There were only two children's wards at the Royal Hospital, so they came to convalesce at The Beeches after their treatment.

I worked at The Beeches from March to August 1966 before starting my nurse training proper. At that time the dual carriageway had not been built so the front garden was much larger. It had a stone wall at the front, a lovely sweeping drive, and a lot of trees.

On the ground floor was the main ward and dining room, a very wide room for children and toddlers up to about 9 to ten years old. There were about 20 beds, spread along the two end walls, and a low table in the middle where the children could sit at meal times. Inside the large bay window on the left-hand side of the house was the nursery for small babies. We just had to feed them. Above was the orthopaedic ward with six beds and a balcony where they could sit on a nice day.

The Beeches as it is today.

The Lounge in 1937. Courtesy of Neil Fox.

There were nursery nurses, staff nurses and the matron Miss Hill, who lived in the old servants' rooms at the top of the house. They were small rooms, just big enough for a bed and a chest of drawers.

Below the house was a huge cellar with washing lines, where the washing was hung to dry on rainy days. We had a morning room at the back of the house which we used for our break, where we had slice after slice of wonderful bread and dripping sandwiches.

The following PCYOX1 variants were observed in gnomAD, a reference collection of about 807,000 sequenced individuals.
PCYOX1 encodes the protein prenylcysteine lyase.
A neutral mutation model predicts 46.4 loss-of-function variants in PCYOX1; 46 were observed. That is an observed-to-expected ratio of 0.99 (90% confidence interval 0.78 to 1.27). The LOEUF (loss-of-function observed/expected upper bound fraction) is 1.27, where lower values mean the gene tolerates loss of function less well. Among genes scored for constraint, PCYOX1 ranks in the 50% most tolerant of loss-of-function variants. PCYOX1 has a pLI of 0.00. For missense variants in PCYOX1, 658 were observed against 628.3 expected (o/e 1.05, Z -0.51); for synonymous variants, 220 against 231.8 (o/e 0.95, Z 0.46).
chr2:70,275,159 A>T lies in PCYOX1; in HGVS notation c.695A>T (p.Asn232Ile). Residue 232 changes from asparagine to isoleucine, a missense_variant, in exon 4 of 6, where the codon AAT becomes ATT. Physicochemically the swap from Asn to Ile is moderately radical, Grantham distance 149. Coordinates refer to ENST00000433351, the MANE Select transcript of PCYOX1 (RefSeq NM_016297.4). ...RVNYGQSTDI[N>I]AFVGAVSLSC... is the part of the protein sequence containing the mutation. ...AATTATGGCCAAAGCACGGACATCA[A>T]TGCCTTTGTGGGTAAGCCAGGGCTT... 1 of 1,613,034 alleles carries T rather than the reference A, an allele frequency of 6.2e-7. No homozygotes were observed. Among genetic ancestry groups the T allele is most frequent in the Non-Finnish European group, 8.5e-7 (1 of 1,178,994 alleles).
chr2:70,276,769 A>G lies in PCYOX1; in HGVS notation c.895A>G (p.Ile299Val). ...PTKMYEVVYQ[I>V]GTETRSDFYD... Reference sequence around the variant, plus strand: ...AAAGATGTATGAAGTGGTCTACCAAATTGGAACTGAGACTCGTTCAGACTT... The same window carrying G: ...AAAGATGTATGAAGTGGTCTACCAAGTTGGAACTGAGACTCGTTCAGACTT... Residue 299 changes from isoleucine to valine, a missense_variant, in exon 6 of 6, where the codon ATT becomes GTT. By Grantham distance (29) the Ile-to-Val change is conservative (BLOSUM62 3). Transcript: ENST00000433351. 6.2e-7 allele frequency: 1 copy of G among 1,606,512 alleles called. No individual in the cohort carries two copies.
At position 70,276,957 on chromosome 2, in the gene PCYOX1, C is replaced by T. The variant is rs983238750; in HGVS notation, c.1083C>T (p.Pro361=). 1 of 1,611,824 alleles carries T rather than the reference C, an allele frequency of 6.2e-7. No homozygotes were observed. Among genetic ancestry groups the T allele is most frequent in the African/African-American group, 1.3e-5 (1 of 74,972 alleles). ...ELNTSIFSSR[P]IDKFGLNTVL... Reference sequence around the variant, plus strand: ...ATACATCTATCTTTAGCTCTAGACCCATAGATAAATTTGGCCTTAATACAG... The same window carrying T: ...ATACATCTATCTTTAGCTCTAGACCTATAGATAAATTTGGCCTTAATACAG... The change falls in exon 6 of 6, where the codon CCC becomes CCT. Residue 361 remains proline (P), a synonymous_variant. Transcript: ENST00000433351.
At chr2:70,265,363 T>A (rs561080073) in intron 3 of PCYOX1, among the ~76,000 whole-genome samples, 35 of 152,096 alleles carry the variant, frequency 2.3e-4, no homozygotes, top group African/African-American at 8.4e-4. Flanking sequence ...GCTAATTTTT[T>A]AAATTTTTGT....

The gardens were lovely. They were terraced with lawns, trees, and a few large shrubs. To the left was a walkway where we took the old fashioned 'Silver Cross' prams, and walked around the grounds.

The matron, Miss Hill, had two retriever dogs which followed her everywhere. She was a strict, old-fashioned matron who carried-out spot checks to make sure everyone was working. She didn't say a lot, but didn't have to.

We helped with getting the children up in the morning, and things like that. Some mornings we had to do the washing in the scullery at the back of the house. It had a big stone sink, old mangles, everything was done by hand. We filled the sink with hot water and used the hospital's supply of soap flakes. On nice days we hung the washing out to dry in the lovely garden, but on wet days we had to go down into the cellar and hang it there.

There was also a kitchen at the back of the house where we made the children's tea. Usually consisting of a
sandwich and Instant Whip. We were kept busy, there was always plenty to do.

Nurses, staff and children from an earlier generation at St. Catherine’s Convalescent Home, which moved to The Beeches in 1935. From an old postcard.

Behind 'The Beeches' was this lovely house called 'The Laurels'. It was acquired by the hospital and became the women's convalescent home. At various times it was known as 'The Poplars', and 'The Old House'. Courtesy of Maureen Hunt.

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